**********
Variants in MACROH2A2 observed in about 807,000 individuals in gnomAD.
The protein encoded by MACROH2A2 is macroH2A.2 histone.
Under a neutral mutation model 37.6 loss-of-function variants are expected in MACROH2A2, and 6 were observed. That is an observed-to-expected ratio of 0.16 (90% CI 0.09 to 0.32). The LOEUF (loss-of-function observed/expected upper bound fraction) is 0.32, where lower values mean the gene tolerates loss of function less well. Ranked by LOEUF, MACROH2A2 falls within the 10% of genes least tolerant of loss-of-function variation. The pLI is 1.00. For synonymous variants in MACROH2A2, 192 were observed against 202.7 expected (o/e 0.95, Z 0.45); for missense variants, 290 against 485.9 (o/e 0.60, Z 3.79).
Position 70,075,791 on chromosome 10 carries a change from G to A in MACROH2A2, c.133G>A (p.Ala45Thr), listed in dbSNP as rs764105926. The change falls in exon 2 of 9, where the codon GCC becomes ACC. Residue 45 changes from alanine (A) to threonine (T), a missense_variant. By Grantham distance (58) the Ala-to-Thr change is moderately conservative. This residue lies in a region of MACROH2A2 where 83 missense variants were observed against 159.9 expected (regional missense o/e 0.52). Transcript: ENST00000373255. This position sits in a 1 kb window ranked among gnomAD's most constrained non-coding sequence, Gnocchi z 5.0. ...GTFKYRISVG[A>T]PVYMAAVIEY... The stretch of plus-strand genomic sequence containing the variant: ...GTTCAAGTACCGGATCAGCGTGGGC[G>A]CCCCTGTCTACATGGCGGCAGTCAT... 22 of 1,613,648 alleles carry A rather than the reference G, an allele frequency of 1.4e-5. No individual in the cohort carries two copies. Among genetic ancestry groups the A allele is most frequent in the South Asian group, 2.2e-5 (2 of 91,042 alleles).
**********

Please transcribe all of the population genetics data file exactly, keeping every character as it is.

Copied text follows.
Variants in MACROH2A2 observed in about 807,000 individuals in gnomAD.
The protein encoded by MACROH2A2 is macroH2A.2 histone.
Under a neutral mutation model 37.6 loss-of-function variants are expected in MACROH2A2, and 6 were observed. That is an observed-to-expected ratio of 0.16 (90% CI 0.09 to 0.32). The LOEUF (loss-of-function observed/expected upper bound fraction) is 0.32, where lower values mean the gene tolerates loss of function less well. Ranked by LOEUF, MACROH2A2 falls within the 10% of genes least tolerant of loss-of-function variation. The pLI is 1.00. For synonymous variants in MACROH2A2, 192 were observed against 202.7 expected (o/e 0.95, Z 0.45); for missense variants, 290 against 485.9 (o/e 0.60, Z 3.79).
Position 70,075,791 on chromosome 10 carries a change from G to A in MACROH2A2, c.133G>A (p.Ala45Thr), listed in dbSNP as rs764105926. The change falls in exon 2 of 9, where the codon GCC becomes ACC. Residue 45 changes from alanine (A) to threonine (T), a missense_variant. By Grantham distance (58) the Ala-to-Thr change is moderately conservative. This residue lies in a region of MACROH2A2 where 83 missense variants were observed against 159.9 expected (regional missense o/e 0.52). Transcript: ENST00000373255. This position sits in a 1 kb window ranked among gnomAD's most constrained non-coding sequence, Gnocchi z 5.0. ...GTFKYRISVG[A>T]PVYMAAVIEY... The stretch of plus-strand genomic sequence containing the variant: ...GTTCAAGTACCGGATCAGCGTGGGC[G>A]CCCCTGTCTACATGGCGGCAGTCAT... 22 of 1,613,648 alleles carry A rather than the reference G, an allele frequency of 1.4e-5. No individual in the cohort carries two copies. Among genetic ancestry groups the A allele is most frequent in the South Asian group, 2.2e-5 (2 of 91,042 alleles).